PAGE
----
Friday, August 03, 2007

J K Rowling and Compulsory Schooling

Now that I have outed myself as a Harry Potter fan, and demonstrated that it is not anti-Christian, I suggest that homeschoolers should read, at least, page 173 of Harry Potter and the Deathly Hallows. Here is what I wrote to J K Rowling about it :

Dear Ms Rowling

I have just finished reading Harry Potter and the Deathly Hallows (bought it Saturday morning, my 13 year old son read it first and finished it Sunday after an all-nighter and I read it Sunday and yesterday – my children were sorely neglected yesterday, but don’t feel guilty.)

In all the magnificence of the book, there was one paragraph which really jumped out at me. It was the paragraph on page 173 where Lupin tells Harry, Ron and Hermione that attendance at Hogwarts is now compulsory (except for Muggle-borns, who are forbidden from attending). You did your research very well, Ms Rowling. You are obviously aware of the Reichsschulgesetz passed in Germany in 1938 which not only banned private schools and home education but also introduced “Schulzwang” (enforced school attendance). Jewish children were forbidden under this law from attending school.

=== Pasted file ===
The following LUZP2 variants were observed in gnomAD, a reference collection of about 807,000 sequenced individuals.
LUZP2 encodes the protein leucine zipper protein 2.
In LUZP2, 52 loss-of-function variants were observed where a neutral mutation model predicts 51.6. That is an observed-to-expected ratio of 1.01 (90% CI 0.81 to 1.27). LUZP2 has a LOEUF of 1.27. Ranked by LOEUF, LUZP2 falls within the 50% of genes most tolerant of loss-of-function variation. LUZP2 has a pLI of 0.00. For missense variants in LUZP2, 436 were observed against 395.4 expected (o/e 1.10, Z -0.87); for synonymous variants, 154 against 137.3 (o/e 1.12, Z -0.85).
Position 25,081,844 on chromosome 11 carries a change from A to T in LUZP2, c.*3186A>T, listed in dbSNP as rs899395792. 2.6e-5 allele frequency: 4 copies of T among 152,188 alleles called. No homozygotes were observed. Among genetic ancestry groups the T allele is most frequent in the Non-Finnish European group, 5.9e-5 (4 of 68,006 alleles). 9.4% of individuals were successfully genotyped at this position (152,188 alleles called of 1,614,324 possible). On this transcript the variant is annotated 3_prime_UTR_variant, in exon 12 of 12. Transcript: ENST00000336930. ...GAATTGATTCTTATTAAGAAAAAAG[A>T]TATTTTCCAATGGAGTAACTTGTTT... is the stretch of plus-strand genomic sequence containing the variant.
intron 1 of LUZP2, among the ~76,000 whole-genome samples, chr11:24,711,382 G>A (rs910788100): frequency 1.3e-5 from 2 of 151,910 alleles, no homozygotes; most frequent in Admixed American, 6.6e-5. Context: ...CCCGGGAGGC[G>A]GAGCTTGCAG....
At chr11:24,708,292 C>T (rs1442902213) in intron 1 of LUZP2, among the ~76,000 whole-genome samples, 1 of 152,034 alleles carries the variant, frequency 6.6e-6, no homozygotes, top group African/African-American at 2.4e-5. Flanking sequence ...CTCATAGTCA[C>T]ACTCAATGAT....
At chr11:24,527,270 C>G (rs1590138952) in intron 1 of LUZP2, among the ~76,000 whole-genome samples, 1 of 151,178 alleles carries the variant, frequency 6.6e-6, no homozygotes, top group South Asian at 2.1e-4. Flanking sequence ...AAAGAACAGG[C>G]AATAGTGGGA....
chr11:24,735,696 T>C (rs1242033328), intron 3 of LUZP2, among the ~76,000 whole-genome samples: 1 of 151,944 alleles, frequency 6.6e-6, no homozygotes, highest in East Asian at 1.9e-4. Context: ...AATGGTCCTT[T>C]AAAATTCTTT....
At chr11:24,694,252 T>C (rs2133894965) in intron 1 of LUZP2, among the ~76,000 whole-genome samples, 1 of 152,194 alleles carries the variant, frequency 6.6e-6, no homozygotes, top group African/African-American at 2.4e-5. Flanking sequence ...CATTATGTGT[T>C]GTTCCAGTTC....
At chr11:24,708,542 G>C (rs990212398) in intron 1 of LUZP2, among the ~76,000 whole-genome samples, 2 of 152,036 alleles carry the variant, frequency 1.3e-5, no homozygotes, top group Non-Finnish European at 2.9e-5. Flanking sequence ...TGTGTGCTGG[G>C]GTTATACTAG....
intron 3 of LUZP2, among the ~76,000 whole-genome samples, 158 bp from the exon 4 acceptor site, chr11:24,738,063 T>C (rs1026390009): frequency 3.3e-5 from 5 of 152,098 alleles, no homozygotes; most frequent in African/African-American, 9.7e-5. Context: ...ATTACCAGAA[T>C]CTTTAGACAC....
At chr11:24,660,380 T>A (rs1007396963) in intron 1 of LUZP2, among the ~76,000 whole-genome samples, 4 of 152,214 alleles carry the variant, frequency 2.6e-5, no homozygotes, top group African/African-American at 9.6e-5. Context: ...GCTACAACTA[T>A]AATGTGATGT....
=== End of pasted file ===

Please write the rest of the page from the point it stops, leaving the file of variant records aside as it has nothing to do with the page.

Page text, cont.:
Back to the world of Harry Potter – imagine that after the downfall of Voldemort and his evil regime, the Ministry for Magic decided that all his statutes should be done away with – except for the above one making school attendance not only compulsory, but in future enforcing it with the harshest measures possible – fining wizards to the tune of half their gold if their children did not attend Hogwarts, or removing their legal custody over their children or (in the case of one young witch who failed the subjects Potions and Ancient Runes and whose parents had decided to remove her from Hogwarts and let her learn at her own pace rather than having her relegated, unwillingly and unfairly, to becoming a squib) having Dolores Umbridge declaring, after interviewing the girl for an hour, that she was suffering from a mental illness and sending her to St Mungo’s psychiatric ward. Imagine sentencing parents to a term in Azkhaban to force them to send their children to Hogwarts.

The reasons for these actions would, of course, be very well-meaning. In order to prevent another Voldemort from coming to power, it would now be necessary for all children, by means of attendance (now compulsory from the age of 6) at Hogwarts and wizarding primary schools, to learn how to live in society and to become responsible citizens, developing tolerance for other points of view.